Anyway - I certainly can't argue that "Brave New World" (though now 80+ years old) was, indeed, something of an interesting read - But, for me to honestly rate it as a parody (as Huxley apparently intended it to be), then I couldn't possibly give it more than just an average rating.

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rabios
Apr 27, 2019

rabios thinks this title is suitable for 13 years and over

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Dragonrat703
Sep 02, 2017

Dragonrat703 thinks this title is suitable for 14 years and over

sarahbru17 Jul 23, 2017

sarahbru17 thinks this title is suitable for 15 years and over

REimo Mar 22, 2016

REimo thinks this title is suitable for between the ages of 14 and 99

JuliaXia_97 Jun 24, 2015

JuliaXia_97 thinks this title is suitable for 15 years and over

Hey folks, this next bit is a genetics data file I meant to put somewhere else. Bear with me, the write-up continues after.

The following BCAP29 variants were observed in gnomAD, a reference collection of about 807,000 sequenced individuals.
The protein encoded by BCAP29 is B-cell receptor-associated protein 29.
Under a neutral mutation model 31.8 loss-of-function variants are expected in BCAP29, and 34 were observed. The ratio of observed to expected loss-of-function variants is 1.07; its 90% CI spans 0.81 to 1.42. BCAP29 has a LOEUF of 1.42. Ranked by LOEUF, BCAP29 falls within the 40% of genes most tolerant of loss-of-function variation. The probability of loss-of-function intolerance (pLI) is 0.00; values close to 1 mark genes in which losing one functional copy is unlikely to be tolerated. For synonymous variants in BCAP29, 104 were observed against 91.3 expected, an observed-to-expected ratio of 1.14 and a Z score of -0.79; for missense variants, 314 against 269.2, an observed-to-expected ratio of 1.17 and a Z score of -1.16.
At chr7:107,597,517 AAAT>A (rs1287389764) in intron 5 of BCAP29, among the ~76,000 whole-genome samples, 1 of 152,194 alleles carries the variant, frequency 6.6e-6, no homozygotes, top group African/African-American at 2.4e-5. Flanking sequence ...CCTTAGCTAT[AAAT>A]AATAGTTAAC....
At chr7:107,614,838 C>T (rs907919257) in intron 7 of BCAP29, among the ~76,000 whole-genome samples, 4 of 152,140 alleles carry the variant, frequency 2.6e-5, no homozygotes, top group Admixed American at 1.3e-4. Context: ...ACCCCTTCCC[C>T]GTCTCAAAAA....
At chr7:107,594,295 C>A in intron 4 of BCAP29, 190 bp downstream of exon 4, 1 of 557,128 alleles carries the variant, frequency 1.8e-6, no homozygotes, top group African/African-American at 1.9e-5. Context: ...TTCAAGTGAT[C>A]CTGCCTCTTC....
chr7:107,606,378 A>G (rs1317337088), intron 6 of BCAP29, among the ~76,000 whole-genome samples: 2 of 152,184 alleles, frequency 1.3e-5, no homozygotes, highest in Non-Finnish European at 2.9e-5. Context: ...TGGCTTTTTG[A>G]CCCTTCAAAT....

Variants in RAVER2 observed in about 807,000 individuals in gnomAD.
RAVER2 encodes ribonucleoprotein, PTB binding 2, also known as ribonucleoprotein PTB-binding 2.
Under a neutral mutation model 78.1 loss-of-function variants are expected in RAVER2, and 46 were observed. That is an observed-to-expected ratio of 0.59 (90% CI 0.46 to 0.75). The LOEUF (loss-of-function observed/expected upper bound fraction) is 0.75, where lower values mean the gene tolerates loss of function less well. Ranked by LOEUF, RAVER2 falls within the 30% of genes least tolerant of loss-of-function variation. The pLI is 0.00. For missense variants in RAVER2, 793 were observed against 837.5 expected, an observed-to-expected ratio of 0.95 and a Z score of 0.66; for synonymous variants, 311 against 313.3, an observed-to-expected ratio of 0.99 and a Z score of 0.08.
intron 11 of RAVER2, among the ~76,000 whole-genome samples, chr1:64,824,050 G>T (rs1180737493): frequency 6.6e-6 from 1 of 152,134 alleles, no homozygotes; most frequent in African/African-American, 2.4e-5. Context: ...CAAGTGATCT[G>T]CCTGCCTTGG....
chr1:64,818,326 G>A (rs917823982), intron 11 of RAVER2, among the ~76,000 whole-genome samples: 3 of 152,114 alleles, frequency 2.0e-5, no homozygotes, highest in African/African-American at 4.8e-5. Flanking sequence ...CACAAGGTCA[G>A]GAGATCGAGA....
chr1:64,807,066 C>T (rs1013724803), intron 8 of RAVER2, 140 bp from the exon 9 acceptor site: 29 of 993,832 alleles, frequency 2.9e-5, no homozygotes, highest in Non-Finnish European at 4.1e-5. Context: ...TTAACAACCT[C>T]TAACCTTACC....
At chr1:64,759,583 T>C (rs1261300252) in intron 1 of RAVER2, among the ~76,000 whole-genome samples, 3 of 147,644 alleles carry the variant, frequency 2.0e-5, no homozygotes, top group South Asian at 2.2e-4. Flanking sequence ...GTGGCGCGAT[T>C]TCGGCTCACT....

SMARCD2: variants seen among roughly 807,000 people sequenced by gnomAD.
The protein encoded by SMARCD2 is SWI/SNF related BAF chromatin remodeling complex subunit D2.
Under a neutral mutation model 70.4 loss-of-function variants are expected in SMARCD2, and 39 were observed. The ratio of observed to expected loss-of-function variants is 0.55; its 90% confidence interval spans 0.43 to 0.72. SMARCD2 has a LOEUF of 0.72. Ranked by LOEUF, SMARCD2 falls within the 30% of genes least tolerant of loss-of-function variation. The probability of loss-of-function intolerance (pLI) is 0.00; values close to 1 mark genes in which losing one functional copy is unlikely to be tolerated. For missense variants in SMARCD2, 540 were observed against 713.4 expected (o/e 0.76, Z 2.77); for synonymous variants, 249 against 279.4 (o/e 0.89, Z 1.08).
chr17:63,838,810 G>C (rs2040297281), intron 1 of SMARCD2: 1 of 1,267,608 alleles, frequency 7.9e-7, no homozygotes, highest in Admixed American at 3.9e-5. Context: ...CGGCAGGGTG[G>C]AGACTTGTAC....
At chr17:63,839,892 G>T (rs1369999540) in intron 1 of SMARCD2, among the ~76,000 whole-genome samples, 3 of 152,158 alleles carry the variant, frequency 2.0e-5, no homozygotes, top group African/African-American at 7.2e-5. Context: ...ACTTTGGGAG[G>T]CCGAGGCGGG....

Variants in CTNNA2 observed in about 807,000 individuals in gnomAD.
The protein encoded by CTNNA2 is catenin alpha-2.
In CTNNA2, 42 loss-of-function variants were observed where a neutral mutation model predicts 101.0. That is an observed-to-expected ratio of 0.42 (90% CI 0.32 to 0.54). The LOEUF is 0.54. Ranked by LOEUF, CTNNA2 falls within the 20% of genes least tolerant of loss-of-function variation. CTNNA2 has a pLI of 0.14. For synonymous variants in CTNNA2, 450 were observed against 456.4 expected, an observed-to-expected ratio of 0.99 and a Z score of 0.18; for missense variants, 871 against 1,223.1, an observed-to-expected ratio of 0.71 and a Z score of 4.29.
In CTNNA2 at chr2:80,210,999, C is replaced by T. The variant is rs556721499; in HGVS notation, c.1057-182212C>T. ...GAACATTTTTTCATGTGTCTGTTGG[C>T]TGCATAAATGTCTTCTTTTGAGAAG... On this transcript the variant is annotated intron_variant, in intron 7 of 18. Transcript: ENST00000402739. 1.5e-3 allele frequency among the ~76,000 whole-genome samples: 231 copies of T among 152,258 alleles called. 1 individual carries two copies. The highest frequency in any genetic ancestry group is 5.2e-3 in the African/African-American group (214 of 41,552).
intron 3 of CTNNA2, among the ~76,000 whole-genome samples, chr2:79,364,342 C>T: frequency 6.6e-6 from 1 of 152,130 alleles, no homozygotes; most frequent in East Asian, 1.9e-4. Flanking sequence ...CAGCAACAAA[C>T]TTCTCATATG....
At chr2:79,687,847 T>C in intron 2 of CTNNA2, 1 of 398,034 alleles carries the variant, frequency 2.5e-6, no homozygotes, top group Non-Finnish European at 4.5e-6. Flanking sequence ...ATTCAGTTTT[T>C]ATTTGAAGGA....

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Jorilynn1989
May 29, 2014

Jorilynn1989 thinks this title is suitable for between the ages of 16 and 99

EuSei Nov 21, 2013

EuSei thinks this title is suitable for 16 years and over

Mee2 Feb 21, 2013

Mee2 thinks this title is suitable for 16 years and over

r
Racheal27
Aug 11, 2012

Racheal27 thinks this title is suitable for 15 years and over

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victoriajoseveski
May 02, 2012

victoriajoseveski thinks this title is suitable for between the ages of 17 and 50

Quotes

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j
jeff1885
Oct 11, 2018